Mists over Carcassone - Carcassone is one of my favorite games, and this cooperative version does not disappoint. In the original, you take turns building the game board using landscape tiles, each containing fields, castles, rivers, houses, and more. This version adds ghosts, and if you get too many ghosts, you lose the game. Ages 8 and up.
The Game - This game is a little like The Mind (above) but better in my opinion. You have to play all of your number cards in the right order without showing the other players what numbers you have in your hand. If everyone plays all their cards, you win. Ages 8 and up.
Miller Zoo - In this game, the players run a zoo. (Bet you didn't see that coming!) The Miller Zoo is a real place in Quebec, Canada, and the game mirrors the real life place. You play as the real staff members and take care of the real animals that call the zoo home. Each time you play and win, you open up a new envelope that adds animals and resources to the game. There are 6 envelopes altogether, and the game is still playable and fun even after all the envelopes have been opened. Ages 8 and up.
Disney Sidekicks - This game is very complex with a lot of rules and a lot of little pieces, but hear me out. It's a fun game once you get going with it, and any Disney fan is going to love the fact that you're playing the Villians and rescuing the Heroes. If you decide to get this one, plan on watching some YouTube videos and looking up the corrected rules online. It's possible to figure it out, but you'll have to put some effort into it. I promise that you'll be glad you did once you've got it all figured out. Ages 8 and up.
Forbidden Island - This is a cooperative card game where players work together to find treasure on an island before the island falls into the ocean. You aren't competing with your team members but rather helping each other to succeed. More players mean that the game is more difficult, but there are more resources to use. I like to play this one with my boyfriend, but the kids love it too. Ages 10 and up.
Paleo - I love the pieces of this game. It's essentially a quest to complete your cave paintings, but you have a bunch of humans to feed and care for in order to achieve that goal. This is one of the most expensive games on the list, but I think it's worth it. Ages 10 and up.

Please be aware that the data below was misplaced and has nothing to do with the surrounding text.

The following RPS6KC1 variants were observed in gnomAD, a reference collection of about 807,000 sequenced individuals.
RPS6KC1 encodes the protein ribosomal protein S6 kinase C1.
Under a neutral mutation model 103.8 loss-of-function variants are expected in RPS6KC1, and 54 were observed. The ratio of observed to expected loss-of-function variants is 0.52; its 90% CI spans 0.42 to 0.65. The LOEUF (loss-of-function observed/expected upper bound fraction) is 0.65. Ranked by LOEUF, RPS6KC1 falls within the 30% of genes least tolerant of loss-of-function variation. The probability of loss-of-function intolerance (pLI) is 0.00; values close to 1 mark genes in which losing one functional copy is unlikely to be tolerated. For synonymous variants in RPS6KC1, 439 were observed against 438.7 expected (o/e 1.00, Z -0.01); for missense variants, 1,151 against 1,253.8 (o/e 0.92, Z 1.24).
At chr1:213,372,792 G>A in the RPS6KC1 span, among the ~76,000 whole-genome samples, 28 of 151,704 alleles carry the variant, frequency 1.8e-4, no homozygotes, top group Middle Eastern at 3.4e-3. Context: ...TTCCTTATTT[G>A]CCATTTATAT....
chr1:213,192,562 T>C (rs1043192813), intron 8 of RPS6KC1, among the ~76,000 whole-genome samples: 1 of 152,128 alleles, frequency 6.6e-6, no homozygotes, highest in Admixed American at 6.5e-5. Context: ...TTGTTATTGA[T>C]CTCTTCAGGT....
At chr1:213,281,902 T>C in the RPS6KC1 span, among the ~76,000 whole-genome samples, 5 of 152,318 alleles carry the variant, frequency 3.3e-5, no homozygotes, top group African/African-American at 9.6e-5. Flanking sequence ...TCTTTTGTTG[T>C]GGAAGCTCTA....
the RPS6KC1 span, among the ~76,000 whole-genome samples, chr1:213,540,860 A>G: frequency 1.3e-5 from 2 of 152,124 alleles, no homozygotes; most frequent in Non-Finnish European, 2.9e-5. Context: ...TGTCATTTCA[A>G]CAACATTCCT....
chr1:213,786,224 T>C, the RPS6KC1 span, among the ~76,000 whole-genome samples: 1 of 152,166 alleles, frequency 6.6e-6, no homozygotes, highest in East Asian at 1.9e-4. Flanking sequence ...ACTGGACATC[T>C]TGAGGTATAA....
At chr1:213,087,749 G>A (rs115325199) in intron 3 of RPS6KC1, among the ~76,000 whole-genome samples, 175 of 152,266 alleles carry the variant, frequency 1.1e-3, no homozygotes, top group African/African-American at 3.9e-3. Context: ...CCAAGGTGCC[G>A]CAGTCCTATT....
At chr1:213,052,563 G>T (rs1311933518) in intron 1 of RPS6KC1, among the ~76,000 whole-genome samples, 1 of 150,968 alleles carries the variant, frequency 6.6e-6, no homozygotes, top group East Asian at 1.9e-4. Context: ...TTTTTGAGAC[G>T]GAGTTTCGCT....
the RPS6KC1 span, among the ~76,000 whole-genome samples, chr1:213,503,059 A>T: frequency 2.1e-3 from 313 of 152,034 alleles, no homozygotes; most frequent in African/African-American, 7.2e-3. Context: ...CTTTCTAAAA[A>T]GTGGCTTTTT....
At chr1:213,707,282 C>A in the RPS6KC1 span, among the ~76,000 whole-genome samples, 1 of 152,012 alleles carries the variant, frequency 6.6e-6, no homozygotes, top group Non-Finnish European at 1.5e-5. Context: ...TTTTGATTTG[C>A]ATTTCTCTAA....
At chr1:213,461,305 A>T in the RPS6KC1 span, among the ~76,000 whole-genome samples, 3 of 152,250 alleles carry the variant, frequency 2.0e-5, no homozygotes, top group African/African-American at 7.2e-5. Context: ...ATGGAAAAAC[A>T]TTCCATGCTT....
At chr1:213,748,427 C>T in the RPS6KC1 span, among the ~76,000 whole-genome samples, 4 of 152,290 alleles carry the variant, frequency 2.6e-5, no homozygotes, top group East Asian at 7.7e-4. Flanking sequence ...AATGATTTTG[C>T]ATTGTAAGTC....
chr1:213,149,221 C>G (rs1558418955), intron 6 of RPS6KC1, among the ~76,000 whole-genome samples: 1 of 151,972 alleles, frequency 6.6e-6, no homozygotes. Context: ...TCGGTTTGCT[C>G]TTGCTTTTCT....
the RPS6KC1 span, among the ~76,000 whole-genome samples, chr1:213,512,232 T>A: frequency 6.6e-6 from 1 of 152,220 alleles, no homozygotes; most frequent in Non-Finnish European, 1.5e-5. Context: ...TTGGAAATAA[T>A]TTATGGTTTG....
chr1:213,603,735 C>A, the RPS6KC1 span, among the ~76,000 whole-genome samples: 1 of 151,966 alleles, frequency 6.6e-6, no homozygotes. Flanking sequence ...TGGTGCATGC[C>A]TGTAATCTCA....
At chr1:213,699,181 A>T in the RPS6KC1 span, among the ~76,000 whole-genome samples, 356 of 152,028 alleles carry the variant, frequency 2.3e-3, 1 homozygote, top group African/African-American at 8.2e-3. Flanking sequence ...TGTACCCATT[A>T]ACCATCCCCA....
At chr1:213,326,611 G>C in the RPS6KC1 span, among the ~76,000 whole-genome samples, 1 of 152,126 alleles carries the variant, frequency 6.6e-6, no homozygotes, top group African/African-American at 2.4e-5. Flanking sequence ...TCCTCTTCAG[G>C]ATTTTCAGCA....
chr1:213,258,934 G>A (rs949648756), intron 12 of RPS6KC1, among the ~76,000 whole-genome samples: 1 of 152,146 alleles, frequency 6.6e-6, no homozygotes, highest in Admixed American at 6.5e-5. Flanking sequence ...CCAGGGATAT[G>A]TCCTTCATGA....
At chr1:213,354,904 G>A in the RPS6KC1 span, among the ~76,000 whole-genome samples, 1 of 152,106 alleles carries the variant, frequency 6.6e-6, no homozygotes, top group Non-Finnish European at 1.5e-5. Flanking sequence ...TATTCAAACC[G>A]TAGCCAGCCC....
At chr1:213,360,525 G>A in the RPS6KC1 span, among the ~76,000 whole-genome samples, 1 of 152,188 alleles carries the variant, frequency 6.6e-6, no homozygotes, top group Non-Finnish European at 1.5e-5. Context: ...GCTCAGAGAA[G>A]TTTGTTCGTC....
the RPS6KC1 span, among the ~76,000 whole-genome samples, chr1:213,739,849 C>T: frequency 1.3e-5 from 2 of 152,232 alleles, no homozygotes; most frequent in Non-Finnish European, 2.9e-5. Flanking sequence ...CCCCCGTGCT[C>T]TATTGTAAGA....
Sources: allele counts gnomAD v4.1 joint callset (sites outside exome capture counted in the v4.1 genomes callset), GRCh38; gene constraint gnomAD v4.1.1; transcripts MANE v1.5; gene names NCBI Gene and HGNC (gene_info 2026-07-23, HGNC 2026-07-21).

The Grizzled - This is a fairly simple card game about a group of French soldiers in the trenches during World War II. (Hence the age suggestion, the theme is pretty mature.) Depending on the cards you're dealt, it could be an easy win or a near to impossible mission. The graphics are beautifully done, and I've never talked to anyone who didn't enjoy this one. Ages 10 and up.
The Legends of Andor - Like the kids' version of Andor, this game is a little like Dungeons & Dragons. The gameplay follows a "Legend" through several days, and on each turn, the players ("heroes") can either move or fight. The game takes a solid 20 minutes to set up, but it's easy to understand. There are 5 storylines in the original box, and then there are several expansions available. Ages 10 and up.
The Liberation of Reitburg - This game takes place in Andor (above) but is a standalone game. This one is much easier to set up and play than The Legends of Andor, and it is an entirely different premise. In this one, the castle is overrun by monsters, and you have to team up with the other players to defeat them and save the kingdom. Ages 10 and up.
Horrified: Universal Monsters - This game is easy to understand and play can be adjusted to be easier or more difficult based on how you set it up at the beginning. Basically, you have to save the town from a bunch of movie monsters, and each one has certain strengths and powers that make it hard to defeat. There's also an American Monsters and a Greek Monsters game. Ages 10 and up.
Mysterium - This game is about a thirty-year-old murder. One player is the murder victim, now a ghost, and the other players are psychic sleuths who seek to solve the crime. The play is a little complicated (as are most of the games on this list above age 8 or so), but it is easy to learn and winnable most of the time. The pieces are beautifully illustrated which makes this fun game even better. Also, this game is very popular and thus there are tons of expansions available. Ages 10 and up.
The Crew: Mission Deep Sea - In this game, cards are dealt to players facedown, and then the players have to figure out how to play their cards - with no talking. It's a better game with 3 or 4 players than with just 2, FYI. Mission Deep Sea is version two of this game. The original The Crew game is still available, but everything I've read says that the Deep Sea version is an improvement on the original space one. Ages 10 and up.
The Lord of the Rings: Adventure to Mount Doom - In this game, you have to help Frodo save Middle Earth. Like a lot of the games on this list, Adventure to Mount Doom can be played as a single player or multiplayer game. The graphics and game pieces are really nice in this one. Ages 10 and up.